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Loyola Aramark Dining Union Members Ratify New Contract Avoiding Potential Strike

Nicky Andrews | The PhoenixLoyola Aramark workers have secured a new contract which includes a pay raise, increased benefits during layoffs, and improved schedules.

Loyola Aramark dining workers voted to ratify a new renegotiated contract April 28, which includes wage increases and new guaranteed benefits. 

Effective May 1, Loyola Dining employees will see a $4.95 hourly wage increase, with an additional $1.80 in hourly raises spread over the next two academic years, according to a summary of the contract obtained by The Phoenix. 

Employees will now earn an hourly wage of $21.45 on average. Under the previous contract, the average wage was around $16.50. The pay raise will be applied retrospectively to the hours employees have worked since Nov. 1, the summary said. 

The agreement comes at the culmination of several weeks of unsuccessful contract negotiations between the dining worker’s union UNITE HERE Local 1 and Aramark; and a union vote to authorize a strike, which passed overwhelmingly with 97% of employees voting in favor, April 11.

“I’m proud of all of my coworkers for sticking together so that we could win our new contract,” Jose Salas, lead utility worker in Damen Dining Hall, said in a statement provided by the union. “And I’d like to say a big thank you to all the students who stood with us.”

Dione Moore, the higher education district manager who oversees Aramark at Loyola, declined to comment.

Many of the issues raised by union members are addressed in the newly ratified contract, to varying extents. Health insurance benefits are now guaranteed to full-time employees. Aramark had not immediately reinstated their health benefits following their return from pandemic-induced layoff, workers previously told The Phoenix.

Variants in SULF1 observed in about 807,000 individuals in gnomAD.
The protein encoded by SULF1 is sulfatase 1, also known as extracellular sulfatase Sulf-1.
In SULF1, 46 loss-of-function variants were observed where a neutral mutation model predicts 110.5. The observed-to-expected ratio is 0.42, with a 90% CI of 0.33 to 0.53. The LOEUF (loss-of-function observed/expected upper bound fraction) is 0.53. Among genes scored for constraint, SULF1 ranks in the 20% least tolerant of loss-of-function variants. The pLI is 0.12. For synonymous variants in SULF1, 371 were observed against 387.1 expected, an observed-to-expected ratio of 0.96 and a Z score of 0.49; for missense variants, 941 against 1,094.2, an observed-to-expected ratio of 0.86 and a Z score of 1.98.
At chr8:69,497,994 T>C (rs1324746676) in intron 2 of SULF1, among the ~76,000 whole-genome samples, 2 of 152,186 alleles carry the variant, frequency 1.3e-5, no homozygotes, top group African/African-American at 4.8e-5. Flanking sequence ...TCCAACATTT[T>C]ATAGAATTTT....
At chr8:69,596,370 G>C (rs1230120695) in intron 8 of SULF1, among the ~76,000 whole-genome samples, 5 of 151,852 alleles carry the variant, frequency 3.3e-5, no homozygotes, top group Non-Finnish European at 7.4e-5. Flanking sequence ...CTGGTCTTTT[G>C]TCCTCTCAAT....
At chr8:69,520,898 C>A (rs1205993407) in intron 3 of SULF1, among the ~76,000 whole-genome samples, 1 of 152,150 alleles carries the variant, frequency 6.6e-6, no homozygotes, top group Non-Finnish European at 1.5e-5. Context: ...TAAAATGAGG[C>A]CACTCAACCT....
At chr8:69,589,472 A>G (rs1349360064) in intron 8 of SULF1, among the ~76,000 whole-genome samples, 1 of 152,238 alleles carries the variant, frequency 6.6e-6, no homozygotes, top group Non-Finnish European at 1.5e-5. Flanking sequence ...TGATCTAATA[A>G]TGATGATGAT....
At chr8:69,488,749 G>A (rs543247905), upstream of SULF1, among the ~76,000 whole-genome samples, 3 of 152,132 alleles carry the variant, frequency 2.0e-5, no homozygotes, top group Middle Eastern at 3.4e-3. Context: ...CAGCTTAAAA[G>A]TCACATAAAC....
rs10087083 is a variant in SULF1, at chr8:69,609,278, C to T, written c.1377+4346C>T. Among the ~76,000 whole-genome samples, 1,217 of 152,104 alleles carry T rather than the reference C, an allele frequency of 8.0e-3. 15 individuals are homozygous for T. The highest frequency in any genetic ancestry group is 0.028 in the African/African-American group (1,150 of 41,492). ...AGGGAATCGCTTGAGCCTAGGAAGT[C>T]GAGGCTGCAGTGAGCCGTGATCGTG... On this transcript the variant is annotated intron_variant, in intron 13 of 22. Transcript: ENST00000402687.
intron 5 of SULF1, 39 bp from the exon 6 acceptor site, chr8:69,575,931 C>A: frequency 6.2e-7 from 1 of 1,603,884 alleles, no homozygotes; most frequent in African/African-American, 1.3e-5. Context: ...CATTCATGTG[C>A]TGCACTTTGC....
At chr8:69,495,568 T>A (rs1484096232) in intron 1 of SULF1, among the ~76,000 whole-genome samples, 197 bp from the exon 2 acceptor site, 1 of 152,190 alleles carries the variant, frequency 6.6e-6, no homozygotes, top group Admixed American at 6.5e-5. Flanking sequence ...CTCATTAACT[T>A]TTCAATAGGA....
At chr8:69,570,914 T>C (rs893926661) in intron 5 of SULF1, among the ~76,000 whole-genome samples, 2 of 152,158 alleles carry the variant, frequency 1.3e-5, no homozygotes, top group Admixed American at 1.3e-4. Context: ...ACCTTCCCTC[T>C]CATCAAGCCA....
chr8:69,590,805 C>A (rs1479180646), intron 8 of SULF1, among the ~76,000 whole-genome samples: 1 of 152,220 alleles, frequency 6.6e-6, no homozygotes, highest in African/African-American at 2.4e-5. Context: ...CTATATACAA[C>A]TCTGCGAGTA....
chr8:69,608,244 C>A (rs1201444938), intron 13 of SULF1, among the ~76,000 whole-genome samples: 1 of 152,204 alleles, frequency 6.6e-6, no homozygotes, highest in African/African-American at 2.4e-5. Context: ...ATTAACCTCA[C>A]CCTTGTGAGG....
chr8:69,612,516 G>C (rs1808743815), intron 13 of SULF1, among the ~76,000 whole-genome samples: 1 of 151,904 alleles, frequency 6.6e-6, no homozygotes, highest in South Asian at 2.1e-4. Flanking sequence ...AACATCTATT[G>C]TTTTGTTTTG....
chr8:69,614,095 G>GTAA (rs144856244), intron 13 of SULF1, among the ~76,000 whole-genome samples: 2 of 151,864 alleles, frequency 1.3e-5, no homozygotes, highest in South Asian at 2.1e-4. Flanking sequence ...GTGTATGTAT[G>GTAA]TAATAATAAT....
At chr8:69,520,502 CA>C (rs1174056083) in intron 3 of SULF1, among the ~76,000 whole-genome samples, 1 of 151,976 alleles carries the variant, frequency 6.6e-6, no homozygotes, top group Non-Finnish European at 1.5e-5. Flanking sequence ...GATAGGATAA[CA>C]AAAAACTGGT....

In the event of a layoff, employees will now continue receiving health care contributions from Aramark. In interviews, workers in de Nobili Dining Hall described losing their benefits when the facility was closed for a month following a kitchen fire. Other protections now in place in case of layoff include notifying employees of unit closure, severance pay and benefit contributions.

In previous meetings, Aramark denied to cede the union these measures, and had previously only offered a $1.75 raise, The Phoenix reported.

It also addresses concerns employees had regarding scheduling and hours. Workers will now be assigned eight and ten hour paid shifts, guaranteeing 40 hour work weeks. Overtime pay will be increased by half on the sixth overtime day a week and doubled on the seventh, and employees assigned to carry out training will receive an additional $2.00 per hour.

Student activists worked to garner support for the workers within the student body. They circulated a petition which received 2,000 signatures calling for better conditions for the workers and spread information regarding the conditions of the workers on social media.